I fully recognize that some people’s hobbies are not things other people understand. I also recognize that some folks who substantially modify their vehicles do not do so well, nor with an eye on function.

The car that made me think of this is a very pretty Honda del Sol that’s slightly lowered, but its rear wheels have a very noticeable negative camber, and that triggered a bunch of visual memories, such as 1960s-era VW Beetles with swing axles and apparently zero springs or shocks. So I wanted to know why one might work at getting a look that I associate with a failed/worn out suspension.

Glenn -----OTR/L, MOT, Tx
     
Laminar
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Feb 19, 2024, 10:16 AM
 
It started as a race car thing. More camber = more fast.



And with all trends that start as functional improvement, there's a subset of people that take it to the extreme as a style choice. That's how you get donks, trucks lifted to the sky on little rubber band mud tires, and stance bros.
     
MacNNFamous
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Feb 22, 2024, 02:51 AM
 
Yes and no. It's also just a function of the suspension design, if you lower a vehicle. On most cars, if you lower it, the wheels tilt inwards, due to where the wheel pivots. So if you want a 'really low car', you're going to get camber like that unless you start modifying/lengthening upper control arms and whatnot. Since lowered street cars are more to just 'look cool' than actual track performance, most people don't bother. Low is cool. Too much of anything is not good though.
     
ghporter
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Feb 22, 2024, 08:56 PM
 
OK, that makes sense with a lot of the lowered cars I see around here. Some to a lot of negative camber, and probably the lower they go, the more camber they get.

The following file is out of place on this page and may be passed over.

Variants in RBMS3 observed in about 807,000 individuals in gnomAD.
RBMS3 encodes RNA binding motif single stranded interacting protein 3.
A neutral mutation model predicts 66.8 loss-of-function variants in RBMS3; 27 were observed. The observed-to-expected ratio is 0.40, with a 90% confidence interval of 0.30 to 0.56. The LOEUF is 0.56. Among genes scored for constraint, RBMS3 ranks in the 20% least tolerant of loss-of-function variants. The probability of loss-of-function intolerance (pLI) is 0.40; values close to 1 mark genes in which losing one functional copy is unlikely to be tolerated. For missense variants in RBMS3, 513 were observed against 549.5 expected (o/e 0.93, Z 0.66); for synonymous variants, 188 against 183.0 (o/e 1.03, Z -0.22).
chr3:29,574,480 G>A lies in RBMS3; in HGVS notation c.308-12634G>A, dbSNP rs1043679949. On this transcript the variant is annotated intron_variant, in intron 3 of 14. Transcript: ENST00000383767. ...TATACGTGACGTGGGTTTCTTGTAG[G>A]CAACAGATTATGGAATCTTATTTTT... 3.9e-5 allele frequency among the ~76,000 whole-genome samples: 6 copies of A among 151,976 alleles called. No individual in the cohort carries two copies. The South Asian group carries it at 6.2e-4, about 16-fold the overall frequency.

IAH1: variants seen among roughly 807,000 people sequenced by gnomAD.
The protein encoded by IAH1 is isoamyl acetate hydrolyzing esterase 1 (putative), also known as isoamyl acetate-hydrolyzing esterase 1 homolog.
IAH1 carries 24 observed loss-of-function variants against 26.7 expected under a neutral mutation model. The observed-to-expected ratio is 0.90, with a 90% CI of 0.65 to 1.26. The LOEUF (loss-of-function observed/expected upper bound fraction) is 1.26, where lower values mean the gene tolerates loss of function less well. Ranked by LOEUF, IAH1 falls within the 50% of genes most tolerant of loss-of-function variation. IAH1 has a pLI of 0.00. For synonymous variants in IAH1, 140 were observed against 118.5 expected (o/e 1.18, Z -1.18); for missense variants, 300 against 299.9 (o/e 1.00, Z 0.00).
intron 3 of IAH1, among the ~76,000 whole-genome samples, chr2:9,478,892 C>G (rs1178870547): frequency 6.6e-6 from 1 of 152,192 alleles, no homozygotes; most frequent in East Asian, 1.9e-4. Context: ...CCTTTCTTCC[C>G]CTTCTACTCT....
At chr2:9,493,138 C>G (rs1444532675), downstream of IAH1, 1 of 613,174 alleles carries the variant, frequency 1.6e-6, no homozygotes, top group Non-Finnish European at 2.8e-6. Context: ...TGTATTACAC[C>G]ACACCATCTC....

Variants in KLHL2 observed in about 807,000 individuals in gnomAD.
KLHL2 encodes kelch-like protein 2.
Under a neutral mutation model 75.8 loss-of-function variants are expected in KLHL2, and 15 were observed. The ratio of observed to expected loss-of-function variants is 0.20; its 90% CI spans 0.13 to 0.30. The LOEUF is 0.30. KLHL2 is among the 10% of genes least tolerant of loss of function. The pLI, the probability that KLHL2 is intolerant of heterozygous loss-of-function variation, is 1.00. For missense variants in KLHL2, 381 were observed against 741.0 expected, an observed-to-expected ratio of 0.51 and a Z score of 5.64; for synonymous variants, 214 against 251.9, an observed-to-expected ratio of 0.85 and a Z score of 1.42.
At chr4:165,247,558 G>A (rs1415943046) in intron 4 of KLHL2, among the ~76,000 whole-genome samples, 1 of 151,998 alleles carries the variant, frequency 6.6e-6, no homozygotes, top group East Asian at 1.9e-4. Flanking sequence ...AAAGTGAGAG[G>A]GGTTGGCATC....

A stock WRX is kinda low, but it can definitely be a street car too. Ditto the Civic Type R. But both models have suspensions built for that low ride height, and the wheels are visually upright.

So this “lots of camber” thing is (often?) an artifact of lowering a car without changing the suspension parts? Lots of stuff makes more sense now.

I’m still not throwing shade. I’ve seen some awesome vehicles that were so customized they screamed “LOOK AT ME!!!!”. But I’ve also seen McLarens, Ferraris and Lamborghinis on the same streets with Civics from three body style generations back and still sporting (different colors of) primer all over.

And that puzzles me. I don’t get something about how people have these project cars but don’t seem to finish them.

Glenn -----OTR/L, MOT, Tx
     
reader50
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Feb 22, 2024, 10:46 PM
 
Might have something to do with running out of money. This can happen if the wife opens the credit card bill first.
     
Laminar
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Feb 23, 2024, 09:42 AM
 
Originally Posted by ghporter View Post
OK, that makes sense with a lot of the lowered cars I see around here. Some to a lot of negative camber, and probably the lower they go, the more camber they get.
We're talking about two different things. If you go low, you end up with a couple extra degrees of negative camber. If you want to look "stanced," you install a kit to cause extreme levels of camber.

This car is lowered:


This is not just from lowering the car:
     
ghporter
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Feb 23, 2024, 12:24 PM
 
I see. It’s not just lowering, it’s going for the look.

Serious question: what is the ride like in cars that are “stanced”? I’ve seen lowered cars go over bumps with a variety of impacts - some very literally impacts. Are these cars as uncomfortable to ride in as they seem?

Glenn -----OTR/L, MOT, Tx
     
andi*pandi
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Feb 23, 2024, 02:05 PM
 
they look broken.
     
Thorzdad
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Feb 23, 2024, 04:42 PM
 
Originally Posted by ghporter View Post
Serious question: what is the ride like in cars that are “stanced”? I’ve seen lowered cars go over bumps with a variety of impacts - some very literally impacts. Are these cars as uncomfortable to ride in as they seem?
If you want a nice ride, drive your dad’s Buick

Looking at that pic, I’m reminded how grateful I am to live in a one-plate state. None of that fugly plate-on-the-front nonsense here.